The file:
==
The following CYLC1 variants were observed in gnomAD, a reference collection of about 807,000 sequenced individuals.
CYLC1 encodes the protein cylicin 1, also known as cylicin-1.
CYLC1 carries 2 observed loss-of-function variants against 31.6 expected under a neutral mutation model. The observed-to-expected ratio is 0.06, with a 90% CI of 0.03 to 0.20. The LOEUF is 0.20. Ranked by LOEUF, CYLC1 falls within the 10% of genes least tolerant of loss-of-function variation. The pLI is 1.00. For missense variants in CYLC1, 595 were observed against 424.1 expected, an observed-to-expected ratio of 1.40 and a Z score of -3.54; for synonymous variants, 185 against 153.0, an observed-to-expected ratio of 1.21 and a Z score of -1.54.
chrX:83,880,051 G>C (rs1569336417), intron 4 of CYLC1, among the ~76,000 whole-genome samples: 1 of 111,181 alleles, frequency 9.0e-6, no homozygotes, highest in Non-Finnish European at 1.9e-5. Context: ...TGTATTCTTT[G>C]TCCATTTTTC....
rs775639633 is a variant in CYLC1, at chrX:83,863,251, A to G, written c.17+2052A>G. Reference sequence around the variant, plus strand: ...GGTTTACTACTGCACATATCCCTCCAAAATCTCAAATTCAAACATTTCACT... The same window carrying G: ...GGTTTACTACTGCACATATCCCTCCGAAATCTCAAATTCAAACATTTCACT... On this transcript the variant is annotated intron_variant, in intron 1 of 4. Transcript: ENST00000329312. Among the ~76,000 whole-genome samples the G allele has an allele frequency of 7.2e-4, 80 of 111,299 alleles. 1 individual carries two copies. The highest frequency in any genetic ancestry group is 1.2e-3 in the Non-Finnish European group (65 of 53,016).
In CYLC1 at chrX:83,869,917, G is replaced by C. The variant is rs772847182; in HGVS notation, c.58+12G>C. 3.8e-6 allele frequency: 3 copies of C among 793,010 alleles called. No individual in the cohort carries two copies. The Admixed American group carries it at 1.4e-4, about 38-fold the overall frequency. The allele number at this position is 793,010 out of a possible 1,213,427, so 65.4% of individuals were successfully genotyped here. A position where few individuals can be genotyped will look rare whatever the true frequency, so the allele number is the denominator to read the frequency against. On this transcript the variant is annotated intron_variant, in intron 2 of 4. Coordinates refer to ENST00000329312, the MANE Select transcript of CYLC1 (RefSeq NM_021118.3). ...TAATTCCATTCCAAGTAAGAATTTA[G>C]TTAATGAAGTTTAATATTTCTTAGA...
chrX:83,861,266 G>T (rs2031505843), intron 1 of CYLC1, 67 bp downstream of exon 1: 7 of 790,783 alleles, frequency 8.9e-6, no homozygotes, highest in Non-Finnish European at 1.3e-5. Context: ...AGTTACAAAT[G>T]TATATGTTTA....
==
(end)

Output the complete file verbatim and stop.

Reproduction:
The following CYLC1 variants were observed in gnomAD, a reference collection of about 807,000 sequenced individuals.
CYLC1 encodes the protein cylicin 1, also known as cylicin-1.
CYLC1 carries 2 observed loss-of-function variants against 31.6 expected under a neutral mutation model. The observed-to-expected ratio is 0.06, with a 90% CI of 0.03 to 0.20. The LOEUF is 0.20. Ranked by LOEUF, CYLC1 falls within the 10% of genes least tolerant of loss-of-function variation. The pLI is 1.00. For missense variants in CYLC1, 595 were observed against 424.1 expected, an observed-to-expected ratio of 1.40 and a Z score of -3.54; for synonymous variants, 185 against 153.0, an observed-to-expected ratio of 1.21 and a Z score of -1.54.
chrX:83,880,051 G>C (rs1569336417), intron 4 of CYLC1, among the ~76,000 whole-genome samples: 1 of 111,181 alleles, frequency 9.0e-6, no homozygotes, highest in Non-Finnish European at 1.9e-5. Context: ...TGTATTCTTT[G>C]TCCATTTTTC....
rs775639633 is a variant in CYLC1, at chrX:83,863,251, A to G, written c.17+2052A>G. Reference sequence around the variant, plus strand: ...GGTTTACTACTGCACATATCCCTCCAAAATCTCAAATTCAAACATTTCACT... The same window carrying G: ...GGTTTACTACTGCACATATCCCTCCGAAATCTCAAATTCAAACATTTCACT... On this transcript the variant is annotated intron_variant, in intron 1 of 4. Transcript: ENST00000329312. Among the ~76,000 whole-genome samples the G allele has an allele frequency of 7.2e-4, 80 of 111,299 alleles. 1 individual carries two copies. The highest frequency in any genetic ancestry group is 1.2e-3 in the Non-Finnish European group (65 of 53,016).
In CYLC1 at chrX:83,869,917, G is replaced by C. The variant is rs772847182; in HGVS notation, c.58+12G>C. 3.8e-6 allele frequency: 3 copies of C among 793,010 alleles called. No individual in the cohort carries two copies. The Admixed American group carries it at 1.4e-4, about 38-fold the overall frequency. The allele number at this position is 793,010 out of a possible 1,213,427, so 65.4% of individuals were successfully genotyped here. A position where few individuals can be genotyped will look rare whatever the true frequency, so the allele number is the denominator to read the frequency against. On this transcript the variant is annotated intron_variant, in intron 2 of 4. Coordinates refer to ENST00000329312, the MANE Select transcript of CYLC1 (RefSeq NM_021118.3). ...TAATTCCATTCCAAGTAAGAATTTA[G>C]TTAATGAAGTTTAATATTTCTTAGA...
chrX:83,861,266 G>T (rs2031505843), intron 1 of CYLC1, 67 bp downstream of exon 1: 7 of 790,783 alleles, frequency 8.9e-6, no homozygotes, highest in Non-Finnish European at 1.3e-5. Context: ...AGTTACAAAT[G>T]TATATGTTTA....